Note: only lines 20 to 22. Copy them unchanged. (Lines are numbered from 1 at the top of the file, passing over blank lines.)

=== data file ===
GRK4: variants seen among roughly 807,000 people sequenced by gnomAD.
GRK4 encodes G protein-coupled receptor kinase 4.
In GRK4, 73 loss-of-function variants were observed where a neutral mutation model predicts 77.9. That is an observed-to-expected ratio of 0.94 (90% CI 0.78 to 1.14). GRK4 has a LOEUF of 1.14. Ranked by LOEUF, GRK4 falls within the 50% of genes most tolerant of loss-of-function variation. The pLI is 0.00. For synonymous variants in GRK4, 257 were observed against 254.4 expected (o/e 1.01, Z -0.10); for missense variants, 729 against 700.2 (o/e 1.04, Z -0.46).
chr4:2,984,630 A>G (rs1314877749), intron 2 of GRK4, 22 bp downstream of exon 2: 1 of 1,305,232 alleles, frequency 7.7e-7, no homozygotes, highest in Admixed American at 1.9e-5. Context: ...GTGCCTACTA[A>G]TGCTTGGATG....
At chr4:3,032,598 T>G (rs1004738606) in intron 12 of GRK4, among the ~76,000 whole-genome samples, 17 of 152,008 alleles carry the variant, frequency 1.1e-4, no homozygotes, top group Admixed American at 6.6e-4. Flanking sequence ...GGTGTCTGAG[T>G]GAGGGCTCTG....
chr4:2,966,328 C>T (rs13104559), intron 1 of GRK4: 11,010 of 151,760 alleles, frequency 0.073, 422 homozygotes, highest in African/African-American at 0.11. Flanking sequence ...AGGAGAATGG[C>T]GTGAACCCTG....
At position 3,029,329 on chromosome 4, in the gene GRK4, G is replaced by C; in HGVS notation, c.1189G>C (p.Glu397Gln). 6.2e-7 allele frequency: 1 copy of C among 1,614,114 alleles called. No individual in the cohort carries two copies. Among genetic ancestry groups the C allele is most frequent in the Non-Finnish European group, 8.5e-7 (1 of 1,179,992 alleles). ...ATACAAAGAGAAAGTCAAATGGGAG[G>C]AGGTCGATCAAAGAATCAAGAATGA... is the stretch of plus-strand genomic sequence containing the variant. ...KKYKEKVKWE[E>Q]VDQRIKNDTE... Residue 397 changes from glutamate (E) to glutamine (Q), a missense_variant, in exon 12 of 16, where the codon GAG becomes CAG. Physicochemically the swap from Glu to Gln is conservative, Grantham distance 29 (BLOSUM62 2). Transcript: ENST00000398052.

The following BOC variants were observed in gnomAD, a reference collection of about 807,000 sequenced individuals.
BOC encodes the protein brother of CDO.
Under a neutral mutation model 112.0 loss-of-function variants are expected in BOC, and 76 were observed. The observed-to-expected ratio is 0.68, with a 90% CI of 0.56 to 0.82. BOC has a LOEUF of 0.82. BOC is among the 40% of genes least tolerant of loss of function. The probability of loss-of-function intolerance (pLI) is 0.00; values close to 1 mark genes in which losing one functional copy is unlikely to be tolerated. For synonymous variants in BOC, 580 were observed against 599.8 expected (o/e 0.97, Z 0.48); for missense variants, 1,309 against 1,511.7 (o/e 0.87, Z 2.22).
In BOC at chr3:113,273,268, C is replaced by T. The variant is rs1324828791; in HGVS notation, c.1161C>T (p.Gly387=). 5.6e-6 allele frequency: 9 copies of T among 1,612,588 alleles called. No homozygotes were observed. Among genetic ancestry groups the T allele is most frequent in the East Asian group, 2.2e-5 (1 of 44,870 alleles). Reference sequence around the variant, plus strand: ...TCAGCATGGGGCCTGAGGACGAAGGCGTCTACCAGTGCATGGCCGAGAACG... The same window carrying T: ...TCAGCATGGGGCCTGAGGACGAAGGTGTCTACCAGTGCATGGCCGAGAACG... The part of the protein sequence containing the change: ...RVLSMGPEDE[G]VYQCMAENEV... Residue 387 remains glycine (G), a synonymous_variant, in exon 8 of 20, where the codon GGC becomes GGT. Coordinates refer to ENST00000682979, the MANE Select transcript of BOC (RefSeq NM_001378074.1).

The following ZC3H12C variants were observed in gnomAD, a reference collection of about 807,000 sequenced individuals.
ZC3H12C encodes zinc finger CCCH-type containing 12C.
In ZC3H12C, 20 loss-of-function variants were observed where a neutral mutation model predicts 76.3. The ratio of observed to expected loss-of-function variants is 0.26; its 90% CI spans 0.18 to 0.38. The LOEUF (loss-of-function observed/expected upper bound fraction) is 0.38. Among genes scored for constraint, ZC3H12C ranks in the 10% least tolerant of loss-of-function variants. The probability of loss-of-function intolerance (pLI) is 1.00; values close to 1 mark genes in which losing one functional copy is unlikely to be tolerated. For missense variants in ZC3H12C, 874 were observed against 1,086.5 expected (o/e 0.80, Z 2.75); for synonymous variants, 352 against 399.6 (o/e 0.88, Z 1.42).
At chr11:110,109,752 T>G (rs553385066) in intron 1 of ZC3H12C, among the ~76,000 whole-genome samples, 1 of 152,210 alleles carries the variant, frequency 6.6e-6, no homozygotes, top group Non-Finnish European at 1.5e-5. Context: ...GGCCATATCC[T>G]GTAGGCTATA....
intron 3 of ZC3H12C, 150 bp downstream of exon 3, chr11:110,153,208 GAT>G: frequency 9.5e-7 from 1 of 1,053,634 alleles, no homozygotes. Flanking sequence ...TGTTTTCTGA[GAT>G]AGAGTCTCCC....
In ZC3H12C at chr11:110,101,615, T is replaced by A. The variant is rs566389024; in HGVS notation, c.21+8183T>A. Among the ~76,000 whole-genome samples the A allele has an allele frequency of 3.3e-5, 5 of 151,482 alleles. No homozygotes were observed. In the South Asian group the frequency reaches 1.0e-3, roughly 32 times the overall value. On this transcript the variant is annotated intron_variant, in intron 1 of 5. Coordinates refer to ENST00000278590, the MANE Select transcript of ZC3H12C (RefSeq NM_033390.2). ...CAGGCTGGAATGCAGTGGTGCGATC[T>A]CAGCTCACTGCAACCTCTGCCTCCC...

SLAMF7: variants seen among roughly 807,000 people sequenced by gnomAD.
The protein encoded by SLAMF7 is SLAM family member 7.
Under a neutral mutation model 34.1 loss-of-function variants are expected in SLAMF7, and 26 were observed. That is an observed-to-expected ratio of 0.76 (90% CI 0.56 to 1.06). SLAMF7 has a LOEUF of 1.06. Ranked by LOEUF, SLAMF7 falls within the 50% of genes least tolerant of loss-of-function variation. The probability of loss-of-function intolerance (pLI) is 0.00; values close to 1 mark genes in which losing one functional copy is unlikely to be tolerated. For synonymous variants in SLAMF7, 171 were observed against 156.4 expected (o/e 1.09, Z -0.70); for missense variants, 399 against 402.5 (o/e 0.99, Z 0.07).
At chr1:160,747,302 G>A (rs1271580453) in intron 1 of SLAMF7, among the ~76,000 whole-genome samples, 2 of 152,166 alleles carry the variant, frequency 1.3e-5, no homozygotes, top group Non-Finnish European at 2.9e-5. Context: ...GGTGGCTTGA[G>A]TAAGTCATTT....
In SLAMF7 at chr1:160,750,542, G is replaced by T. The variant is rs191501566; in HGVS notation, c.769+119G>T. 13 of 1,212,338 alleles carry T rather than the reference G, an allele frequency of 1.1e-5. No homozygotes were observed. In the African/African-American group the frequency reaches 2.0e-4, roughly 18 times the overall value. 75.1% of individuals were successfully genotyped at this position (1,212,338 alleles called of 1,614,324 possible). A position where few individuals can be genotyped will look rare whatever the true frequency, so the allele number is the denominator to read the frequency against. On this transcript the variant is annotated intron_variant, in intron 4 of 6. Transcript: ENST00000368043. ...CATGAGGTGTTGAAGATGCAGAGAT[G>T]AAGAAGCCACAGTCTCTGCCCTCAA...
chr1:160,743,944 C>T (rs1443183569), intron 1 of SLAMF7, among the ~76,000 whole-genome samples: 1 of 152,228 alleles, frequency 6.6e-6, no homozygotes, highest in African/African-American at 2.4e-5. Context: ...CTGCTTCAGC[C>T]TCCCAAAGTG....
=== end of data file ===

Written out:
Under a neutral mutation model 34.1 loss-of-function variants are expected in SLAMF7, and 26 were observed. That is an observed-to-expected ratio of 0.76 (90% CI 0.56 to 1.06). SLAMF7 has a LOEUF of 1.06. Ranked by LOEUF, SLAMF7 falls within the 50% of genes least tolerant of loss-of-function variation. The probability of loss-of-function intolerance (pLI) is 0.00; values close to 1 mark genes in which losing one functional copy is unlikely to be tolerated. For synonymous variants in SLAMF7, 171 were observed against 156.4 expected (o/e 1.09, Z -0.70); for missense variants, 399 against 402.5 (o/e 0.99, Z 0.07).
At chr1:160,747,302 G>A (rs1271580453) in intron 1 of SLAMF7, among the ~76,000 whole-genome samples, 2 of 152,166 alleles carry the variant, frequency 1.3e-5, no homozygotes, top group Non-Finnish European at 2.9e-5. Context: ...GGTGGCTTGA[G>A]TAAGTCATTT....
In SLAMF7 at chr1:160,750,542, G is replaced by T. The variant is rs191501566; in HGVS notation, c.769+119G>T. 13 of 1,212,338 alleles carry T rather than the reference G, an allele frequency of 1.1e-5. No homozygotes were observed. In the African/African-American group the frequency reaches 2.0e-4, roughly 18 times the overall value. 75.1% of individuals were successfully genotyped at this position (1,212,338 alleles called of 1,614,324 possible). A position where few individuals can be genotyped will look rare whatever the true frequency, so the allele number is the denominator to read the frequency against. On this transcript the variant is annotated intron_variant, in intron 4 of 6. Transcript: ENST00000368043. ...CATGAGGTGTTGAAGATGCAGAGAT[G>T]AAGAAGCCACAGTCTCTGCCCTCAA...